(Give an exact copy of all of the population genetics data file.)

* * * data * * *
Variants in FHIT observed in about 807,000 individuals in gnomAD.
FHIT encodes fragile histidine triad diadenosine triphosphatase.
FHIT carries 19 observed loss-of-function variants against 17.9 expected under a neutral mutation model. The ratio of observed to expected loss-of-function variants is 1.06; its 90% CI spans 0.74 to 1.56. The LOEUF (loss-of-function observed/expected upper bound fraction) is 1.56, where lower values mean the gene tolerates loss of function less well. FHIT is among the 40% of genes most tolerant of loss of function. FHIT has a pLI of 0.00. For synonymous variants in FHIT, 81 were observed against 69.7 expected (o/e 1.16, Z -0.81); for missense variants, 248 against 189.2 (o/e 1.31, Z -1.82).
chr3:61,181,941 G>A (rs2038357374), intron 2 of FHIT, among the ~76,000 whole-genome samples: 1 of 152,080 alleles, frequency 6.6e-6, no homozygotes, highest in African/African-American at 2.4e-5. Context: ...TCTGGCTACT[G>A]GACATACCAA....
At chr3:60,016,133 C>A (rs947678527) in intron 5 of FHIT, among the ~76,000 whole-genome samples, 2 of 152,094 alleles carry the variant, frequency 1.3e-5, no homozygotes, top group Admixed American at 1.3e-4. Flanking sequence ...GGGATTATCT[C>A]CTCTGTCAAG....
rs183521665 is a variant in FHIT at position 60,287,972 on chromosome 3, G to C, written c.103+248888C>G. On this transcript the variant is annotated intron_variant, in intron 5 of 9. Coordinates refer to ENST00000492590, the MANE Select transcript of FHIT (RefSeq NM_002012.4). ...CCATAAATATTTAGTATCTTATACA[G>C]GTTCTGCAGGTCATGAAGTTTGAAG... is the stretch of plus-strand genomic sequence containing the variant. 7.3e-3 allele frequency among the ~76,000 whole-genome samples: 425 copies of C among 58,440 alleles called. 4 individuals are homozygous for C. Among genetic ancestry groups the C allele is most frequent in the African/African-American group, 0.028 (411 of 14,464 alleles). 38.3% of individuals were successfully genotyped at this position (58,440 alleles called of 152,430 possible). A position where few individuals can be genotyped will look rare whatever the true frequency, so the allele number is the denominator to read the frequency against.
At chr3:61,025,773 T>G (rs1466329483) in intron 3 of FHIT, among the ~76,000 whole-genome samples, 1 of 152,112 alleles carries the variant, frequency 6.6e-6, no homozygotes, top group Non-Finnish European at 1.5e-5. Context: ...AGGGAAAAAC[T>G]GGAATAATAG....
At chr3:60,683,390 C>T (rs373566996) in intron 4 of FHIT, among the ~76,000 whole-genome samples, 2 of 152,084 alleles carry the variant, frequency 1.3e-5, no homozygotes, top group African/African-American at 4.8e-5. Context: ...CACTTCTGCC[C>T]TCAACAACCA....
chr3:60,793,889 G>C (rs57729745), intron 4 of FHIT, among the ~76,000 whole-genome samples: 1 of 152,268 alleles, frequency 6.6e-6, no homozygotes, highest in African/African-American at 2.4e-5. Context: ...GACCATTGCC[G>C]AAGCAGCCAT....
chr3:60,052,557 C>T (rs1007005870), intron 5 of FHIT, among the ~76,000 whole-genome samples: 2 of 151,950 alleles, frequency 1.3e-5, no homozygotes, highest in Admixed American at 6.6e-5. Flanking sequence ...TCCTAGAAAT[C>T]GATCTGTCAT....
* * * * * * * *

Variants in FHIT observed in about 807,000 individuals in gnomAD.
FHIT encodes fragile histidine triad diadenosine triphosphatase.
FHIT carries 19 observed loss-of-function variants against 17.9 expected under a neutral mutation model. The ratio of observed to expected loss-of-function variants is 1.06; its 90% CI spans 0.74 to 1.56. The LOEUF (loss-of-function observed/expected upper bound fraction) is 1.56, where lower values mean the gene tolerates loss of function less well. FHIT is among the 40% of genes most tolerant of loss of function. FHIT has a pLI of 0.00. For synonymous variants in FHIT, 81 were observed against 69.7 expected (o/e 1.16, Z -0.81); for missense variants, 248 against 189.2 (o/e 1.31, Z -1.82).
chr3:61,181,941 G>A (rs2038357374), intron 2 of FHIT, among the ~76,000 whole-genome samples: 1 of 152,080 alleles, frequency 6.6e-6, no homozygotes, highest in African/African-American at 2.4e-5. Context: ...TCTGGCTACT[G>A]GACATACCAA....
At chr3:60,016,133 C>A (rs947678527) in intron 5 of FHIT, among the ~76,000 whole-genome samples, 2 of 152,094 alleles carry the variant, frequency 1.3e-5, no homozygotes, top group Admixed American at 1.3e-4. Flanking sequence ...GGGATTATCT[C>A]CTCTGTCAAG....
rs183521665 is a variant in FHIT at position 60,287,972 on chromosome 3, G to C, written c.103+248888C>G. On this transcript the variant is annotated intron_variant, in intron 5 of 9. Coordinates refer to ENST00000492590, the MANE Select transcript of FHIT (RefSeq NM_002012.4). ...CCATAAATATTTAGTATCTTATACA[G>C]GTTCTGCAGGTCATGAAGTTTGAAG... is the stretch of plus-strand genomic sequence containing the variant. 7.3e-3 allele frequency among the ~76,000 whole-genome samples: 425 copies of C among 58,440 alleles called. 4 individuals are homozygous for C. Among genetic ancestry groups the C allele is most frequent in the African/African-American group, 0.028 (411 of 14,464 alleles). 38.3% of individuals were successfully genotyped at this position (58,440 alleles called of 152,430 possible). A position where few individuals can be genotyped will look rare whatever the true frequency, so the allele number is the denominator to read the frequency against.
At chr3:61,025,773 T>G (rs1466329483) in intron 3 of FHIT, among the ~76,000 whole-genome samples, 1 of 152,112 alleles carries the variant, frequency 6.6e-6, no homozygotes, top group Non-Finnish European at 1.5e-5. Context: ...AGGGAAAAAC[T>G]GGAATAATAG....
At chr3:60,683,390 C>T (rs373566996) in intron 4 of FHIT, among the ~76,000 whole-genome samples, 2 of 152,084 alleles carry the variant, frequency 1.3e-5, no homozygotes, top group African/African-American at 4.8e-5. Context: ...CACTTCTGCC[C>T]TCAACAACCA....
chr3:60,793,889 G>C (rs57729745), intron 4 of FHIT, among the ~76,000 whole-genome samples: 1 of 152,268 alleles, frequency 6.6e-6, no homozygotes, highest in African/African-American at 2.4e-5. Context: ...GACCATTGCC[G>C]AAGCAGCCAT....
chr3:60,052,557 C>T (rs1007005870), intron 5 of FHIT, among the ~76,000 whole-genome samples: 2 of 151,950 alleles, frequency 1.3e-5, no homozygotes, highest in Admixed American at 6.6e-5. Flanking sequence ...TCCTAGAAAT[C>T]GATCTGTCAT....